Email: ted.fon [at] mcgill.ca (Edward Fon)
Website: Fon Lab
Recent Publications: PubMed
Academic Affiliations: Neurology and Neurosurgery
Clinical Interests: Parkinson's, movement disorders
Research Groups: Neurodegenerative Diseases, Neuroimaging and Neuroinformatics
Dr. Edward Fon is a full Professor in the Department of Neurology and Neurosurgery at McGill University and the Scientific Director of the Montreal Neurological Institute. He is a clinician-scientist at the Neuro where he practices in the area of Parkinson’s disease and movement disorders. He serves as Director of the McGill National Parkinson Foundation Centre of Excellence and of the FRQS Quebec Parkinson Network.
Dr. Fon obtained his M.D. from the Université de Montréal in 1989 and then completed his Neurology Residency as well as a Clinical and Research Fellowship in Neurogenetics at McGill University. He joined the MNI in 1999 after four years as a post-doctoral research fellow at the University of California, San Francisco, where he conducted genetic studies leading to a breakthrough in the understanding of dopamine transmission.
Dr. Fon's research focusses on the molecular events leading to the degeneration of dopamine neurons in Parkinson's disease. He is particularly interested in α-Synuclein, parkin and PINK1, all genes known to cause familial forms of the disease. His work developing cellular models of Parkinson’s disease using patient-derived induced pluripotent stem cells (iPSCs) could provide important clues about the mechanisms of dopamine neuron death and lead to innovative therapeutic strategies for the disease. Dr. Fon’s many awards include the CIHR Clinician-scientist award, the Prix de Jeune Chercheur Blaise Pascal, the EJLB Foundation Scholar Research Award, and a National Scholar Award from the Fonds de la Recherche en Santé du Québec. He is a former Killam Scholar at the MNI. In 2015, he was elected member of the American Society for Clinical Investigation (ASCI).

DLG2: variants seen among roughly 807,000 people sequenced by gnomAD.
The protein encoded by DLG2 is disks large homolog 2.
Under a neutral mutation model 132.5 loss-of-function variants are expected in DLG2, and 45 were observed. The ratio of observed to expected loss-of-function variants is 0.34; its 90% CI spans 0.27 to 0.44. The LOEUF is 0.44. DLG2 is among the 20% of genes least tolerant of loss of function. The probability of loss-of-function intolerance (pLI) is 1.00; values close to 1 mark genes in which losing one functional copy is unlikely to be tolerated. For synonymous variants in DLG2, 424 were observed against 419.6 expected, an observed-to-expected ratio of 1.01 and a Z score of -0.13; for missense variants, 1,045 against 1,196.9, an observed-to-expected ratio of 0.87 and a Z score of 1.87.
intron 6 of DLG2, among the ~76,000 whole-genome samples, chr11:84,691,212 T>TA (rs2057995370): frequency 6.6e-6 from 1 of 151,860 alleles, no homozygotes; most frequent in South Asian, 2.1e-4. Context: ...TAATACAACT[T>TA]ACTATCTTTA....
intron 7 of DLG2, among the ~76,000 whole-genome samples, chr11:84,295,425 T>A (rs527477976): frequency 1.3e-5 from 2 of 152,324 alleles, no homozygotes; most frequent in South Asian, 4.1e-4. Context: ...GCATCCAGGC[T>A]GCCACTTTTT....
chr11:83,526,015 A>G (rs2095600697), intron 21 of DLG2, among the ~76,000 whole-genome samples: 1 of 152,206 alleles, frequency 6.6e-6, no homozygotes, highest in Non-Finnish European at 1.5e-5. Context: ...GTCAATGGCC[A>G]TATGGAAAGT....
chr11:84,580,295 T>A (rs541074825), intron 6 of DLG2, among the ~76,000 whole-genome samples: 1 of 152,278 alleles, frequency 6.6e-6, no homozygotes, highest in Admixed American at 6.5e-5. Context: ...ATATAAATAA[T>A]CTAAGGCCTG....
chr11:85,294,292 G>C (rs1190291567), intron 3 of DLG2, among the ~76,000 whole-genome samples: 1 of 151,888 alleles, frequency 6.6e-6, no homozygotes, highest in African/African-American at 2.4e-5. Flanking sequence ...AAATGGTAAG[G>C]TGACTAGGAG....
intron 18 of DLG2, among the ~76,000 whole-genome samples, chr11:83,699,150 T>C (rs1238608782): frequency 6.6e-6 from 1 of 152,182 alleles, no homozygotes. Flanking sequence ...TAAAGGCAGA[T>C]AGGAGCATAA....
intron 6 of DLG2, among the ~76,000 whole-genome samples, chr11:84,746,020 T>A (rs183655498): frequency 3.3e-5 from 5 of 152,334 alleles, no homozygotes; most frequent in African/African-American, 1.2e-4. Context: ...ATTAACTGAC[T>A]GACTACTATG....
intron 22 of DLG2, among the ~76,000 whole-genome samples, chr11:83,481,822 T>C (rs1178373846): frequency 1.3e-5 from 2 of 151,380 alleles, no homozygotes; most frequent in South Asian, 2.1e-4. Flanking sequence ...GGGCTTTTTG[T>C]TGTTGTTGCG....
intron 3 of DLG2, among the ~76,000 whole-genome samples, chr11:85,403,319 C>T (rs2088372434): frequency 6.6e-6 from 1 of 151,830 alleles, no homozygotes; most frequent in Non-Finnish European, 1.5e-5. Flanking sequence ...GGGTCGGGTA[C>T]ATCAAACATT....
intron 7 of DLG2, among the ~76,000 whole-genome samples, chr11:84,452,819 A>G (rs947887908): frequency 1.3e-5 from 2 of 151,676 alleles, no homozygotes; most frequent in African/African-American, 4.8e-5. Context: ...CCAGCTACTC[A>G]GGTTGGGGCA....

Tang MY, Vranas M, Krahn A, Pundlik S, Trempe JF, Fon EA. Structure-guided mutagenesis reveals a hierarchical mechanism of Parkin activation. Nat. Commun. 2017; 8:14697. doi: 10.1038/ncomms14697
McLelland GL, Lee SA, McBride HM, Fon EA. Syntaxin-17 delivers PINK1/parkin-dependent mitochondrial vesicles to the endolysosomal system. J. Cell Biol. 2016; 214(3):275-91
Durcan TM, Fon EA. The three P’s of Mitophagy: PARKIN, PINK1 and Post-Translational Modifications. Genes Dev. 2015; 29(10):989-999
Koyano F, Okatsu K, Kosako H, Tamura Y, Go E, Kimura M, Kimura Y, Tsuchiya H, Yoshihara H, Hirokawa T, Endo T, Fon EA, Trempe JF, Saeki Y, Tanaka K, Matsuda N. Ubiquitin is phosphorylated by PINK1 to activate parkin. Nature. 2014; 510(7503):162-6
Durcan TM, Tang MY, Pérusse JR, Dashti EA, Aguileta MA, McLelland GL, Gros P, Shaler TA, Faubert D, Coulombe B, Fon EA. USP8 Regulates Mitophagy by Removing K6-linked Ubiquitin Conjugates from Parkin. EMBO J. 2014; 33(21):2473-91
Trempe J-F, Sauvé, V, Grenier K, Seirafi, M, Tang MY, Ménade M, Krett J, Wong K, Kozlov G, Nagar B, Fon EA, Gehring K. Structure of parkin reveals mechanism of ubiquitin ligase activation. Science. 2013; 340(6139):1451-5